Heading into Tuesday's Arizona primary, Sen. John McCain's focus is on the general election, where he fully intends to continue standing with Donald Trump. Because, well, who knows, except that he recognizes that his party has been taken over by Trumpism, so he may as well join in.No matter the magnitude of his victory against Republican Kelli Ward -- and McCain is favored to win easily -- McCain (R-Ariz.) made clear last week that there will be no general election turn against his party's bombastic nominee.
"No. There's no reason to do that," McCain said in an interview at his campaign headquarters here. "They all know me. Everybody in Arizona really knows me unless they just moved in."
He knows his state, but he's writing off a pretty darned significant chunk of the electorate -- Latinos, women, non-racists. And he's leaving a big opening for his Democratic opponent, Ann Kirkpatrick.
"The central thesis of Rep. Ann Kirkpatrick's (D-Ariz.) campaign is that McCain is afraid to stand up to Trump's personal invective, tough talk on immigration and isolationist foreign policy -- and therefore is no longer standing up for an increasingly diverse Arizona.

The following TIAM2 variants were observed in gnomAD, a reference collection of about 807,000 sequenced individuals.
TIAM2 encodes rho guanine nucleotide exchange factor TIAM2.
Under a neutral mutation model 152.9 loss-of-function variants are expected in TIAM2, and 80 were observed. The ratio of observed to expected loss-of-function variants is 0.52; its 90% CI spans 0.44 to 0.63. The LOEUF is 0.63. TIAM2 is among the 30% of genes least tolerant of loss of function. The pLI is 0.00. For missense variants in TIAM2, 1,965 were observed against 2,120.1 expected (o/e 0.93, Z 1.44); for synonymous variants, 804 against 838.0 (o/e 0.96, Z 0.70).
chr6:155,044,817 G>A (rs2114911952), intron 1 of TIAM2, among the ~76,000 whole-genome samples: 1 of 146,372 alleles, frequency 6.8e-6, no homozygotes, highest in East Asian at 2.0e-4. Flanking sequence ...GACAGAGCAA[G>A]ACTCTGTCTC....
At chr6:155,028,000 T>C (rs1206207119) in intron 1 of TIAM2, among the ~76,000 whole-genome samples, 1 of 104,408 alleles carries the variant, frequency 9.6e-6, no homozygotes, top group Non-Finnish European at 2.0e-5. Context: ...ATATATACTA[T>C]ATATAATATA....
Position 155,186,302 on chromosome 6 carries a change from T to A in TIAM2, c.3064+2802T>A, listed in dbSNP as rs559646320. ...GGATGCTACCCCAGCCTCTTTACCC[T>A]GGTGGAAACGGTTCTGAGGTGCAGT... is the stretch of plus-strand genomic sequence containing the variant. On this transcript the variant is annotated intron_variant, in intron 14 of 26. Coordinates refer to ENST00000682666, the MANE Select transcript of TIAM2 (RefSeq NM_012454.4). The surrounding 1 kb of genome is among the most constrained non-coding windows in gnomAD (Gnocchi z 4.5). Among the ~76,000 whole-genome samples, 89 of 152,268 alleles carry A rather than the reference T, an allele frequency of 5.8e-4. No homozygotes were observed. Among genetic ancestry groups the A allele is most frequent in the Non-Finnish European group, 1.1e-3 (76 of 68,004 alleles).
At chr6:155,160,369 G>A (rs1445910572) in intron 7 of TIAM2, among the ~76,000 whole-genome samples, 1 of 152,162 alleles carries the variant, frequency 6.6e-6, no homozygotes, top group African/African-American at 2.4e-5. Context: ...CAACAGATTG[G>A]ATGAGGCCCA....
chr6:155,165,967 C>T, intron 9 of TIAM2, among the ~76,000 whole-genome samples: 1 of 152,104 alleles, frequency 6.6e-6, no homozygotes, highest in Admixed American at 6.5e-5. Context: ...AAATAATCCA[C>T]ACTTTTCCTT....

"Twisting the knife in deeper, Kirkpatrick openly admits she used to vote for McCain. Now she's giving him the only real Democratic challenge of his 30-plus years in politics.
"'The fact that he continues to support Donald Trump in spite of the fact that Trump insulted him, in spite of the fact that Trump insulted a Gold Star family, shows that he's changed. There was a day that he would have stood up for that family, would have stood up for himself,' Kirkpatrick said in an interview.
"'It's baffling to me that he continues to support Trump in spite of the horrible racist, sexist, discriminating things that Trump said,' she added."
Not so baffling, maybe, when you review McCain's career since he lost the presidency to Barack Obama in 2008. He's been an enthusiastic supporter of Mitch McConnell's obstruct-at-all costs strategy, never using his seniority and his clout within the institution to do what's best for the country. He gave up the "Maverick" for the party man, and now that that party is Trump's, he's sticking with it.